Napalm Sticks to Kids

From Wikipedia, the free encyclopedia
Jump to: navigation, search

"Napalm Sticks to Kids" is a call and response running cadence occasionally used in the U.S. military.[1] The earliest recorded example is from 1970. A version containing a third verse is found in the final draft of the script for the movie An Officer and a Gentleman, but only two verses made it into the film. The line of "Dow Chemical don't give a shit" was changed to "Chemical Service don't...", most likely to avoid liability[citation needed].

Recorded versions[edit]

  • Napalm Sticks to Kids, as recorded live by the First of the Ninth Chorus—an impromptu group formed by troopers of the 1st of the 9th Cavalry, 1st Cavalry Division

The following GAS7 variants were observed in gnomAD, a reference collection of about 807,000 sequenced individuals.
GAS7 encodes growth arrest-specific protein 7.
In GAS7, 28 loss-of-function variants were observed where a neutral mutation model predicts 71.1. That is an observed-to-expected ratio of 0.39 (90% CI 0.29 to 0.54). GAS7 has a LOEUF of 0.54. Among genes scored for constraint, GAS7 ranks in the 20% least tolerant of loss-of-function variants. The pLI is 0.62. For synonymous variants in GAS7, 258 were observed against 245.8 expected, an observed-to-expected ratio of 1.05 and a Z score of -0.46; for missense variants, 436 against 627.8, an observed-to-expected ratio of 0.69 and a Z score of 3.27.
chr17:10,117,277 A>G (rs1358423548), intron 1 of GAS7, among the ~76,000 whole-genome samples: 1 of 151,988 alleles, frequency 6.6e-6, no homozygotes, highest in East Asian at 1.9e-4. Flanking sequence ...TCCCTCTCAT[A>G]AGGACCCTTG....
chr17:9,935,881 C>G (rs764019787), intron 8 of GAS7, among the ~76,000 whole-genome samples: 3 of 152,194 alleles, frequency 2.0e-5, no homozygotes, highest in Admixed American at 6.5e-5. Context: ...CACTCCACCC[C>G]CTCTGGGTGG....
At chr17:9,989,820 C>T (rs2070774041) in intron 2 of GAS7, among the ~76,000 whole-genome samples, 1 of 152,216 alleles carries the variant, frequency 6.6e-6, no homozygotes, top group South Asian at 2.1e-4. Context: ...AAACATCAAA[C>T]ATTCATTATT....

tape obtained in 1970 at Phuc Vinh, South Viet Nam.

  • English singer Bruno Lord made his blues based version in 1989 (using only four of the verses). As he was one of the members of Janus, an English band based in Germany in the 70's, this version appeared on the re-release of their 1972 album Gravedigger in 1992 as a bonus track. Full title: Napalm (Sticks To Kids)/Watergarden.

References[edit]

  1. ^ The Lonely Soldier: The Private War of Women Serving In Iraq. Helen Benedict, Beacon Press, p. 37